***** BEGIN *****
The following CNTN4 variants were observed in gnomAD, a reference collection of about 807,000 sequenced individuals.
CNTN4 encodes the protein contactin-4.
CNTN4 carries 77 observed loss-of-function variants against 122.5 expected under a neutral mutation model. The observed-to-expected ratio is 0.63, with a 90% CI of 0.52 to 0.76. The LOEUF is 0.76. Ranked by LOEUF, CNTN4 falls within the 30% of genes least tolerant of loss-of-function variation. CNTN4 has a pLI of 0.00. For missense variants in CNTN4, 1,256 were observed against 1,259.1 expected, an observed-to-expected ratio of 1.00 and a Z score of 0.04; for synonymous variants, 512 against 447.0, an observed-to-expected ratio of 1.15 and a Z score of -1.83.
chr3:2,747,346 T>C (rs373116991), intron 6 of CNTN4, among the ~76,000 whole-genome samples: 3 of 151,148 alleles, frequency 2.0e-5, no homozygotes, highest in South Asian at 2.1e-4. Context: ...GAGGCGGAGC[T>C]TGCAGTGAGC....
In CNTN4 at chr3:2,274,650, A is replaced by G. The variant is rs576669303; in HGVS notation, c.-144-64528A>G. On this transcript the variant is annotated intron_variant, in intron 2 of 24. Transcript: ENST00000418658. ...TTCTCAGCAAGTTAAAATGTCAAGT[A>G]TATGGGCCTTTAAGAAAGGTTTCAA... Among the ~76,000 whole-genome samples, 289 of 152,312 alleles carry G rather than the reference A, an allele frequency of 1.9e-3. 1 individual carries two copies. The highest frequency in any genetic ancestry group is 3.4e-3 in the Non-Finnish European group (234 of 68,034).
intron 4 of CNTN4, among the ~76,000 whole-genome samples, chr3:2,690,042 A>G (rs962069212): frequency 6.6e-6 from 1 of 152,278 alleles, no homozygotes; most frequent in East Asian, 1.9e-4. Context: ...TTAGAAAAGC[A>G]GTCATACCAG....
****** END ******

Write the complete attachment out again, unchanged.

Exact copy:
The following CNTN4 variants were observed in gnomAD, a reference collection of about 807,000 sequenced individuals.
CNTN4 encodes the protein contactin-4.
CNTN4 carries 77 observed loss-of-function variants against 122.5 expected under a neutral mutation model. The observed-to-expected ratio is 0.63, with a 90% CI of 0.52 to 0.76. The LOEUF is 0.76. Ranked by LOEUF, CNTN4 falls within the 30% of genes least tolerant of loss-of-function variation. CNTN4 has a pLI of 0.00. For missense variants in CNTN4, 1,256 were observed against 1,259.1 expected, an observed-to-expected ratio of 1.00 and a Z score of 0.04; for synonymous variants, 512 against 447.0, an observed-to-expected ratio of 1.15 and a Z score of -1.83.
chr3:2,747,346 T>C (rs373116991), intron 6 of CNTN4, among the ~76,000 whole-genome samples: 3 of 151,148 alleles, frequency 2.0e-5, no homozygotes, highest in South Asian at 2.1e-4. Context: ...GAGGCGGAGC[T>C]TGCAGTGAGC....
In CNTN4 at chr3:2,274,650, A is replaced by G. The variant is rs576669303; in HGVS notation, c.-144-64528A>G. On this transcript the variant is annotated intron_variant, in intron 2 of 24. Transcript: ENST00000418658. ...TTCTCAGCAAGTTAAAATGTCAAGT[A>G]TATGGGCCTTTAAGAAAGGTTTCAA... Among the ~76,000 whole-genome samples, 289 of 152,312 alleles carry G rather than the reference A, an allele frequency of 1.9e-3. 1 individual carries two copies. The highest frequency in any genetic ancestry group is 3.4e-3 in the Non-Finnish European group (234 of 68,034).
intron 4 of CNTN4, among the ~76,000 whole-genome samples, chr3:2,690,042 A>G (rs962069212): frequency 6.6e-6 from 1 of 152,278 alleles, no homozygotes; most frequent in East Asian, 1.9e-4. Context: ...TTAGAAAAGC[A>G]GTCATACCAG....